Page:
The idea is everything. The days of a respected writer walking into a commissioning office or a film execs office and saying ‘I want to write a story about a man struggling with his inner self set somewhere in the middle of nowhere’ are over. Indeed the days of a respected writer walking into the same office and saying ‘so Arnold Schwarzenegger and Danny De Vito are twins’ are also over. Whatever your concept, however high, they are going to need something more, an outline, a well-known director, better still a well-known actor and preferably one that doesn’t have a #metoo pending.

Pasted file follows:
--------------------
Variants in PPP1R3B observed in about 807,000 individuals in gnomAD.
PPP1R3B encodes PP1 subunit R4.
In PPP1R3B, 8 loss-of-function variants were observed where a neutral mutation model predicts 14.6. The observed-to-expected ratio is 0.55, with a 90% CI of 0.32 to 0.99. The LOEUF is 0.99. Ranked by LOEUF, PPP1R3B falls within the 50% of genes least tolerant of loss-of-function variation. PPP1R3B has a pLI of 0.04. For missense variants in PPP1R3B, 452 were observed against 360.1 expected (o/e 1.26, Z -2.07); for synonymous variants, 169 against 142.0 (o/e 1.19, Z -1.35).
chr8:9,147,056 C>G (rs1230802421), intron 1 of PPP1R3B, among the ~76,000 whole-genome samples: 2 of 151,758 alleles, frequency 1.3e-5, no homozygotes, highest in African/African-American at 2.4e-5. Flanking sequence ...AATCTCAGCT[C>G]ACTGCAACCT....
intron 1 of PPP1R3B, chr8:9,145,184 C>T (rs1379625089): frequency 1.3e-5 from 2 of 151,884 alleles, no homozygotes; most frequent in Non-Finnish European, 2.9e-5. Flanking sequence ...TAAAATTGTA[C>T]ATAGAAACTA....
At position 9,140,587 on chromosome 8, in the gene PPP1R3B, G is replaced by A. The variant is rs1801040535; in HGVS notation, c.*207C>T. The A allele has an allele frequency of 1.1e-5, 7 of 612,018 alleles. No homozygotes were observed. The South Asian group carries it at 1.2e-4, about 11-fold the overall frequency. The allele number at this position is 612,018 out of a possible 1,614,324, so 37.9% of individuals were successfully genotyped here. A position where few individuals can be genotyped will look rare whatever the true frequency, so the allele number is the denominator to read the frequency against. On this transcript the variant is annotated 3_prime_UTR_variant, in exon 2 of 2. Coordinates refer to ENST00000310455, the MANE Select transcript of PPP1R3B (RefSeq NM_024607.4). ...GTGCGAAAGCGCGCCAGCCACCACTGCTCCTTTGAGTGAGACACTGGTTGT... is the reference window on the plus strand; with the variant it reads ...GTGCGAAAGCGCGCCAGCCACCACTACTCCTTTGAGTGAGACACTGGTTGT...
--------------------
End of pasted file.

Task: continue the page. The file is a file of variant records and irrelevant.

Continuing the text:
This show I was on was very  ‘developed.’ It was about a group of friends who get together in their late twenties and decide to make a list of things they have to do before they’re thirty. The pursuit of these goals and the relationships that took place during it were what made up the show. I was brought on with three others who had received the ‘we like your work but don’t want to do anything with it, so how about you come and write one of our ideas’ speech. Hey I was grateful. I was in a room with three writers, two Producers and a script editor looking at a huge whiteboard full of character notes, actions, series arcs and story beats. This was it. I was a writer.